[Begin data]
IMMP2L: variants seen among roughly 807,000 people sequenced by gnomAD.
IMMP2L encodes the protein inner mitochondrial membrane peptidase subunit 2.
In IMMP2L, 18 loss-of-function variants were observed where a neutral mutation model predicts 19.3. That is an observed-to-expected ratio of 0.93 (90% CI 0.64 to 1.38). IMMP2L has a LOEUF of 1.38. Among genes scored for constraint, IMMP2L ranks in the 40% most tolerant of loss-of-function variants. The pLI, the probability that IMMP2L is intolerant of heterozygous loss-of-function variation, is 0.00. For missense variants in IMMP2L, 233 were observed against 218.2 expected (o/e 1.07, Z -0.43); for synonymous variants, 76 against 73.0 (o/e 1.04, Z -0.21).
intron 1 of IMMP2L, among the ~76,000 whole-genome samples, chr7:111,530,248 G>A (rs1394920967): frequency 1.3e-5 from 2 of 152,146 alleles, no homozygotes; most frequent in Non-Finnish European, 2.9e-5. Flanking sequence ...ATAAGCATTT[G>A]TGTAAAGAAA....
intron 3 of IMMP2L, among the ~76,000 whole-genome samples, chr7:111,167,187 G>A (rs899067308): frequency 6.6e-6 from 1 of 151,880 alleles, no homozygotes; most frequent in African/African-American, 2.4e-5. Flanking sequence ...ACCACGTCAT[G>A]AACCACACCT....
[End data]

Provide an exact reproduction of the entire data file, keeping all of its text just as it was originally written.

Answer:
IMMP2L: variants seen among roughly 807,000 people sequenced by gnomAD.
IMMP2L encodes the protein inner mitochondrial membrane peptidase subunit 2.
In IMMP2L, 18 loss-of-function variants were observed where a neutral mutation model predicts 19.3. That is an observed-to-expected ratio of 0.93 (90% CI 0.64 to 1.38). IMMP2L has a LOEUF of 1.38. Among genes scored for constraint, IMMP2L ranks in the 40% most tolerant of loss-of-function variants. The pLI, the probability that IMMP2L is intolerant of heterozygous loss-of-function variation, is 0.00. For missense variants in IMMP2L, 233 were observed against 218.2 expected (o/e 1.07, Z -0.43); for synonymous variants, 76 against 73.0 (o/e 1.04, Z -0.21).
intron 1 of IMMP2L, among the ~76,000 whole-genome samples, chr7:111,530,248 G>A (rs1394920967): frequency 1.3e-5 from 2 of 152,146 alleles, no homozygotes; most frequent in Non-Finnish European, 2.9e-5. Flanking sequence ...ATAAGCATTT[G>A]TGTAAAGAAA....
intron 3 of IMMP2L, among the ~76,000 whole-genome samples, chr7:111,167,187 G>A (rs899067308): frequency 6.6e-6 from 1 of 151,880 alleles, no homozygotes; most frequent in African/African-American, 2.4e-5. Flanking sequence ...ACCACGTCAT[G>A]AACCACACCT....